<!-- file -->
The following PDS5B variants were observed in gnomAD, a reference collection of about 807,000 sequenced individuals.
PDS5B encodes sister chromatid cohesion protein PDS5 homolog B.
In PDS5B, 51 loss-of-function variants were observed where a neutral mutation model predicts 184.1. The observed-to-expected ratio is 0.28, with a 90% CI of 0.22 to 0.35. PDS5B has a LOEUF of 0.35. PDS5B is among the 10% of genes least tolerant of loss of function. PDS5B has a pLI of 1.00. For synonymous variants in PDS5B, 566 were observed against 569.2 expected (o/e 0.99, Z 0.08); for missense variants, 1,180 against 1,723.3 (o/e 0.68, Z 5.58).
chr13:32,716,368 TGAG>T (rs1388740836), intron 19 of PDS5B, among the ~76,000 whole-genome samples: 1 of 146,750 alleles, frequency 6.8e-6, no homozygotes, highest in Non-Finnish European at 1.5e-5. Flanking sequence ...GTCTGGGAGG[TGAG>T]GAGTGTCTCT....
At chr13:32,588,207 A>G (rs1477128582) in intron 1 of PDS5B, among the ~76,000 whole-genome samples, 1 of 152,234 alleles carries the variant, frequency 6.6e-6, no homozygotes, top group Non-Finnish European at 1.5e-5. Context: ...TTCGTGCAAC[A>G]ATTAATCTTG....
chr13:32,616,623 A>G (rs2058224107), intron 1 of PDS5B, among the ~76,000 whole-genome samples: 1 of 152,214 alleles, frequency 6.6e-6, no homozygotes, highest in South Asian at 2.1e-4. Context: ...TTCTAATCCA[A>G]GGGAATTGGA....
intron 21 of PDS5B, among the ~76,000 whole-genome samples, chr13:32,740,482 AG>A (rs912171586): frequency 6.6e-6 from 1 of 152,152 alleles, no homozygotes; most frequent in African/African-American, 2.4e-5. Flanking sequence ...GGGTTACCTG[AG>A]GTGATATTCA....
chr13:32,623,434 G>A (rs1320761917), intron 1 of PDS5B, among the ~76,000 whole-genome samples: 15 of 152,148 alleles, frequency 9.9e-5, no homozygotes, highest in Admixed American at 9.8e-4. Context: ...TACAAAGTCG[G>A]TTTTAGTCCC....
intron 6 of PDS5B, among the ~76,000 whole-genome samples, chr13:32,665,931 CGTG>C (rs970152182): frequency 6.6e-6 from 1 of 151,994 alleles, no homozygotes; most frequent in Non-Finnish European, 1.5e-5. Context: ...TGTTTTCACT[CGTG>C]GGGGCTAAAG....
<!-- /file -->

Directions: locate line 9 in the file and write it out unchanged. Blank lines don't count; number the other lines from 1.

intron 6 of PDS5B, among the ~76,000 whole-genome samples, chr13:32,665,931 CGTG>C (rs970152182): frequency 6.6e-6 from 1 of 151,994 alleles, no homozygotes; most frequent in Non-Finnish European, 1.5e-5. Context: ...TGTTTTCACT[CGTG>C]GGGGCTAAAG....